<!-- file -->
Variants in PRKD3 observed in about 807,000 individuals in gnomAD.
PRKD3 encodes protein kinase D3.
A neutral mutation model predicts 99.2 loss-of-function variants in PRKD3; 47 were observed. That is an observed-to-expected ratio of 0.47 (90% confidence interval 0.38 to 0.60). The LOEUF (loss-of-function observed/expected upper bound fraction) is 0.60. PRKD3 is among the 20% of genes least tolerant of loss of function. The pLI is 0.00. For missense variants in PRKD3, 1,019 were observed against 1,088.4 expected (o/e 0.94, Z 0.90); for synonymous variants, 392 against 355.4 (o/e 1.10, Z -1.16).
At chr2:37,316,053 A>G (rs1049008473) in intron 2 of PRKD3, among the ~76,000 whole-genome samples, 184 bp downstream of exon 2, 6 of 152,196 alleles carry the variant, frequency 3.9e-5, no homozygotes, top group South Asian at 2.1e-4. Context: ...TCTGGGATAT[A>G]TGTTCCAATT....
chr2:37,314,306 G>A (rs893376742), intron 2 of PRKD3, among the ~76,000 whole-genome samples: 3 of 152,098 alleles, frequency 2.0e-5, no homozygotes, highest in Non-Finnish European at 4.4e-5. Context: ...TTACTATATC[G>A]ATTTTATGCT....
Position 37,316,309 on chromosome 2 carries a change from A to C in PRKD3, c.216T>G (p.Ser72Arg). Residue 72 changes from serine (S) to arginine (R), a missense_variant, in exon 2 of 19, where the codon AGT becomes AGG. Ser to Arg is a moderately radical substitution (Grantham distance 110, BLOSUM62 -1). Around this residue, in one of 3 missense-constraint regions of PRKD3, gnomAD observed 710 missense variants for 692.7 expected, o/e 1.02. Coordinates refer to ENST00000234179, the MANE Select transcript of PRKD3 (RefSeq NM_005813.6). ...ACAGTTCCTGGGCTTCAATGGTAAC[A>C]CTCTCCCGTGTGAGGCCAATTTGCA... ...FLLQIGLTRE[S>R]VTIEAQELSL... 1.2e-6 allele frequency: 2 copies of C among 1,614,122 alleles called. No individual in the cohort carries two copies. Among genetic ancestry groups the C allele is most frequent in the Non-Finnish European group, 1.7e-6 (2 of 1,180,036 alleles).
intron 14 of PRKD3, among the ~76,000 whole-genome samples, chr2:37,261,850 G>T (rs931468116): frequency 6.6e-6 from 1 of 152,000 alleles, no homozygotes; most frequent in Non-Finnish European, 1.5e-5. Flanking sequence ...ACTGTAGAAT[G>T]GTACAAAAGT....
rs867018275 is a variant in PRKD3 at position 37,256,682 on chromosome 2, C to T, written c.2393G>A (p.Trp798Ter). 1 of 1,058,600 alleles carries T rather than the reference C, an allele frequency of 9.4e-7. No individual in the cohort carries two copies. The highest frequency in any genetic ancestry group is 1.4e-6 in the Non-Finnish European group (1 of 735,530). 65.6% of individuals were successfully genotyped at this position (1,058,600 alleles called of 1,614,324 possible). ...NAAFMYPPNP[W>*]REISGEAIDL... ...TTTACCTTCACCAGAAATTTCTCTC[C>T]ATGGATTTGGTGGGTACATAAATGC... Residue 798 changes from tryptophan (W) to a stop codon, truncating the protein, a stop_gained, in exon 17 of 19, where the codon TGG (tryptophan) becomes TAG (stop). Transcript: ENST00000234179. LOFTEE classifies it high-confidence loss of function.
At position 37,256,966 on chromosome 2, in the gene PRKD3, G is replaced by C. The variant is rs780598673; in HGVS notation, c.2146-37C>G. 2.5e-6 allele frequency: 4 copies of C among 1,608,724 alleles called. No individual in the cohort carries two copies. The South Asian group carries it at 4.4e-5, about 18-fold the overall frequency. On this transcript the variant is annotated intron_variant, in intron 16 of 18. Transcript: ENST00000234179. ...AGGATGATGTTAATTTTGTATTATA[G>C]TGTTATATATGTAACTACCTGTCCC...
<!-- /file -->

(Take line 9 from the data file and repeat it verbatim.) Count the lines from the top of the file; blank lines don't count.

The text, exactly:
At position 37,256,966 on chromosome 2, in the gene PRKD3, G is replaced by C. The variant is rs780598673; in HGVS notation, c.2146-37C>G. 2.5e-6 allele frequency: 4 copies of C among 1,608,724 alleles called. No individual in the cohort carries two copies. The South Asian group carries it at 4.4e-5, about 18-fold the overall frequency. On this transcript the variant is annotated intron_variant, in intron 16 of 18. Transcript: ENST00000234179. ...AGGATGATGTTAATTTTGTATTATA[G>C]TGTTATATATGTAACTACCTGTCCC...